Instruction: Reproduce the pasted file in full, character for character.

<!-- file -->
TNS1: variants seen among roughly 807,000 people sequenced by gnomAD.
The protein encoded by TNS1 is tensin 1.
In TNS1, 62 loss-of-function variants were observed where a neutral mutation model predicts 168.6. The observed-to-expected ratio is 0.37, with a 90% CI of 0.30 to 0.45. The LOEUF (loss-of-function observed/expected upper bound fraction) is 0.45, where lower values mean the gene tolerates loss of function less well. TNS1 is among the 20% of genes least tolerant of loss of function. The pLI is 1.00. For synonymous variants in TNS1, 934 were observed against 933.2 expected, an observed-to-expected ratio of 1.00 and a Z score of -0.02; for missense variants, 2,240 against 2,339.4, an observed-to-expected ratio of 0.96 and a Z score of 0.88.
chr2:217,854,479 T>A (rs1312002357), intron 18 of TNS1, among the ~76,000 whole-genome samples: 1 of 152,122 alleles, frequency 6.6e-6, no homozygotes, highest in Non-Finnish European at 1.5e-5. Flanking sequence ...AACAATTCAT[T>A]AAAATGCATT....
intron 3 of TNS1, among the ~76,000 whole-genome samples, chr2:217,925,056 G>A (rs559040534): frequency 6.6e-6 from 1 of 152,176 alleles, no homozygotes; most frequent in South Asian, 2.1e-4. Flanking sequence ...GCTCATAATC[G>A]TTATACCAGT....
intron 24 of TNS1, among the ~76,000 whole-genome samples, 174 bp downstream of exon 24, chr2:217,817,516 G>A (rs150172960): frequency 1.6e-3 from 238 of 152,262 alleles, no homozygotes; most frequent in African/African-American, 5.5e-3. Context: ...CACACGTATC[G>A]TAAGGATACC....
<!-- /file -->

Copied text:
TNS1: variants seen among roughly 807,000 people sequenced by gnomAD.
The protein encoded by TNS1 is tensin 1.
In TNS1, 62 loss-of-function variants were observed where a neutral mutation model predicts 168.6. The observed-to-expected ratio is 0.37, with a 90% CI of 0.30 to 0.45. The LOEUF (loss-of-function observed/expected upper bound fraction) is 0.45, where lower values mean the gene tolerates loss of function less well. TNS1 is among the 20% of genes least tolerant of loss of function. The pLI is 1.00. For synonymous variants in TNS1, 934 were observed against 933.2 expected, an observed-to-expected ratio of 1.00 and a Z score of -0.02; for missense variants, 2,240 against 2,339.4, an observed-to-expected ratio of 0.96 and a Z score of 0.88.
chr2:217,854,479 T>A (rs1312002357), intron 18 of TNS1, among the ~76,000 whole-genome samples: 1 of 152,122 alleles, frequency 6.6e-6, no homozygotes, highest in Non-Finnish European at 1.5e-5. Flanking sequence ...AACAATTCAT[T>A]AAAATGCATT....
intron 3 of TNS1, among the ~76,000 whole-genome samples, chr2:217,925,056 G>A (rs559040534): frequency 6.6e-6 from 1 of 152,176 alleles, no homozygotes; most frequent in South Asian, 2.1e-4. Flanking sequence ...GCTCATAATC[G>A]TTATACCAGT....
intron 24 of TNS1, among the ~76,000 whole-genome samples, 174 bp downstream of exon 24, chr2:217,817,516 G>A (rs150172960): frequency 1.6e-3 from 238 of 152,262 alleles, no homozygotes; most frequent in African/African-American, 5.5e-3. Context: ...CACACGTATC[G>A]TAAGGATACC....